You've hit the nail right smack on the head! Right off the bat the op audionewbie123 comment about the much wider soundstage pointed to the good and bad of the Signature speakers in his room.

    Maybe the OP knows this but maybe not. Just hanging paintings on the wall can alter the sound or dampening in a room. So, think of a room as a unique space that may need attention to produce the type of sound you are after.

    As far as receivers...the lower end Onkyo units sound different that the higher end units. I found the higher end units were more musical, powerful, and balanced overall ...on the top end as well. In comparison, the Pioneer Elite SC units were more lively and hot on the top end...and powerful! The Elite SC units are great for home theater and more subdued speakers...and those that want to ROCK the HELL out using an AVR. Only a dedicated amp setup will fair better that the SC units for banging out the tunes or movies. Getting a better receiver is always nice but might not totally fix your issue and may cost quite a bit more for better performance.

    Nevertheless, once you get used to the well adjusted sound of a good stereo / HT setup you will not want to go back to a lesser setup. Consider this example.... I previously had a very nice higher end Onkyo avr ($2099 list, 55lbs, four transformers) / Parasound amp (3 ch, high current) in my main TV room. I have rotated several different speakers over the years. Nevertheless, life happens and I had to sell the gear and now have a basic lower end setup in the room. I have an old cheap Sony AVR, Polk RT600 mains and CS400 center in the mix until I can fix an midline Onkyo unit I picked up for cheap. (I'm a tech that buys used stuff and fix it up as a hobby.) The point here is that my wife who is not into audio at all noticed the sound different and stated how hollow, tinny, and bright the system sounds now. She flat out said that I spoiled Her to good sound and clear dialog for TV and movies. This is the same women that gives me that look when I bring new speakers and gear into the house. I'm not making this story up!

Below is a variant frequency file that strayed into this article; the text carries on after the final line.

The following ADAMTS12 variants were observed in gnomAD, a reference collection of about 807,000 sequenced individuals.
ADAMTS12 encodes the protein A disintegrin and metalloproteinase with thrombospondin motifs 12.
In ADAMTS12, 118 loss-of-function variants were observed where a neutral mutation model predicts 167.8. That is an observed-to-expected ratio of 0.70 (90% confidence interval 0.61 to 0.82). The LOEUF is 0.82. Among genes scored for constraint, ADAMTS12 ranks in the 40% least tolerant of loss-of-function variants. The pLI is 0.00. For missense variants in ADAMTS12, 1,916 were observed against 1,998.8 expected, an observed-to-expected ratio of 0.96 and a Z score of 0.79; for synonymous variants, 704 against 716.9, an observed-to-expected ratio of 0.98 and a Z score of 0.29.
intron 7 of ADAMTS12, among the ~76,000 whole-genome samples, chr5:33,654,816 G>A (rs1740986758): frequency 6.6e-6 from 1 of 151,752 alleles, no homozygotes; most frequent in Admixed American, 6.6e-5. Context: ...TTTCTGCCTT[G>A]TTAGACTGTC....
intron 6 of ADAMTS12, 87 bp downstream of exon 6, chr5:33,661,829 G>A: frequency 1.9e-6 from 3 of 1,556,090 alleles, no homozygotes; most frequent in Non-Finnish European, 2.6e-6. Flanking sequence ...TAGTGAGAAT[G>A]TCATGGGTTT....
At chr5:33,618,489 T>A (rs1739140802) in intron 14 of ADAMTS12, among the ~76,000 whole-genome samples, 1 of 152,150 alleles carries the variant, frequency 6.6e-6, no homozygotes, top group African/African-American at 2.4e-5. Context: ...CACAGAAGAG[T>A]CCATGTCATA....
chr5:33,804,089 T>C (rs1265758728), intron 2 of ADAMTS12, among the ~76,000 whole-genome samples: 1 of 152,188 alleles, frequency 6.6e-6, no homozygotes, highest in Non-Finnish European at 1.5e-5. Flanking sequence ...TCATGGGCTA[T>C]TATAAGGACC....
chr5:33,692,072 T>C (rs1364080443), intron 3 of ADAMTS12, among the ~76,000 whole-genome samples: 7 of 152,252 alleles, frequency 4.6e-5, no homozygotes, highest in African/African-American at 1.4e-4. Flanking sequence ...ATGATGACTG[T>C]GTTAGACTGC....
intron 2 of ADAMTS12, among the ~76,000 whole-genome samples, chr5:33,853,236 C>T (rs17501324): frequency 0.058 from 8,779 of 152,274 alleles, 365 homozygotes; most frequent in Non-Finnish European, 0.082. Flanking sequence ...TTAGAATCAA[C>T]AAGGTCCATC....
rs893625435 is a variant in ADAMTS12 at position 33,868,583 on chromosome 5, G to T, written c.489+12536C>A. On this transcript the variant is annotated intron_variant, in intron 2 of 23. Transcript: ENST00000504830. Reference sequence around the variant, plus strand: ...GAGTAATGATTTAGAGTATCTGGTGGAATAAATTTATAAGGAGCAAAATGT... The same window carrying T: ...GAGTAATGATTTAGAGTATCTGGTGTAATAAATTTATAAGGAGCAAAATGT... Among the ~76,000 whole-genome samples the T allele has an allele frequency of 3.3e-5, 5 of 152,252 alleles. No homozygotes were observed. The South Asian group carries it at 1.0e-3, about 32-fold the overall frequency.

Nevertheless, I agree to try different speaker positioning, and a rug first. Then, if that does not do it maybe consider wall dampening and/or ceiling dampening.

    Here is a good read on understanding the effects of dispersion in a room: http://sanderssoundsystems.com/technical-white-papers/147-dispersion-white-paper

    There is tons of info around the net on these issues, dampening, etc. It all comes down to knowledge, trial and error. That's audio!

    FAMILY ROOM
    HDTV - Sharp AQUOS LC-70LE600U 70" | AVR/Streamer - Onkyo TX-NR3008 | Amp - Parasound HCA-1203A
    Blu-Ray/Media/Gaming - Sony PS3-320GB / Microsoft Xbox One | Broadcast - Xfinity X1 Platform
    Front Spkrs - Coming...DIY Statement II | Center Spkrs - Coming...DIY Statement II | Rear Spkrs - Artison Portrait LRS
    Sub - DIY Stereo Integrity HT 15 | Sub Amp - Dayton Audio SA1000
    Wire - Audioquest Type 4, BJC Belden 5000 | HDMI - BJC Belden | Power Cables - Pangea | Surge - Monster